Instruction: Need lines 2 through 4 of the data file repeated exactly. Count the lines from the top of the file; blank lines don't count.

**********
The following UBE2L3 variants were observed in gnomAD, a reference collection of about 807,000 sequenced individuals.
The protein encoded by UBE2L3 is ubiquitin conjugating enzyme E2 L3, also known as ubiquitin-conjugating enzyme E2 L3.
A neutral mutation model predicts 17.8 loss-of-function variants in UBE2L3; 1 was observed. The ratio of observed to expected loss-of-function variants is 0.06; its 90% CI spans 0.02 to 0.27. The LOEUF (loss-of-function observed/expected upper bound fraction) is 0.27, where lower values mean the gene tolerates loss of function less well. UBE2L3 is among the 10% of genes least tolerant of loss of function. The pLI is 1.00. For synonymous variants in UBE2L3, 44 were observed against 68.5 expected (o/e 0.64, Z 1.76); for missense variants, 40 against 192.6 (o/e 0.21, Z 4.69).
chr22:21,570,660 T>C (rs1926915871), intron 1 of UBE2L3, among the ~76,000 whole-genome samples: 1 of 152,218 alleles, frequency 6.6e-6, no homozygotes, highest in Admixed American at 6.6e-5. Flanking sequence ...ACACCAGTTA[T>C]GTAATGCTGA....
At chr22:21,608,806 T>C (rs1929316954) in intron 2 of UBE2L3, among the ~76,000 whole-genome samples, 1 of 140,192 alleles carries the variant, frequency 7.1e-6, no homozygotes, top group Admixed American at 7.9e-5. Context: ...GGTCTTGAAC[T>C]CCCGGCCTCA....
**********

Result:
The protein encoded by UBE2L3 is ubiquitin conjugating enzyme E2 L3, also known as ubiquitin-conjugating enzyme E2 L3.
A neutral mutation model predicts 17.8 loss-of-function variants in UBE2L3; 1 was observed. The ratio of observed to expected loss-of-function variants is 0.06; its 90% CI spans 0.02 to 0.27. The LOEUF (loss-of-function observed/expected upper bound fraction) is 0.27, where lower values mean the gene tolerates loss of function less well. UBE2L3 is among the 10% of genes least tolerant of loss of function. The pLI is 1.00. For synonymous variants in UBE2L3, 44 were observed against 68.5 expected (o/e 0.64, Z 1.76); for missense variants, 40 against 192.6 (o/e 0.21, Z 4.69).
chr22:21,570,660 T>C (rs1926915871), intron 1 of UBE2L3, among the ~76,000 whole-genome samples: 1 of 152,218 alleles, frequency 6.6e-6, no homozygotes, highest in Admixed American at 6.6e-5. Flanking sequence ...ACACCAGTTA[T>C]GTAATGCTGA....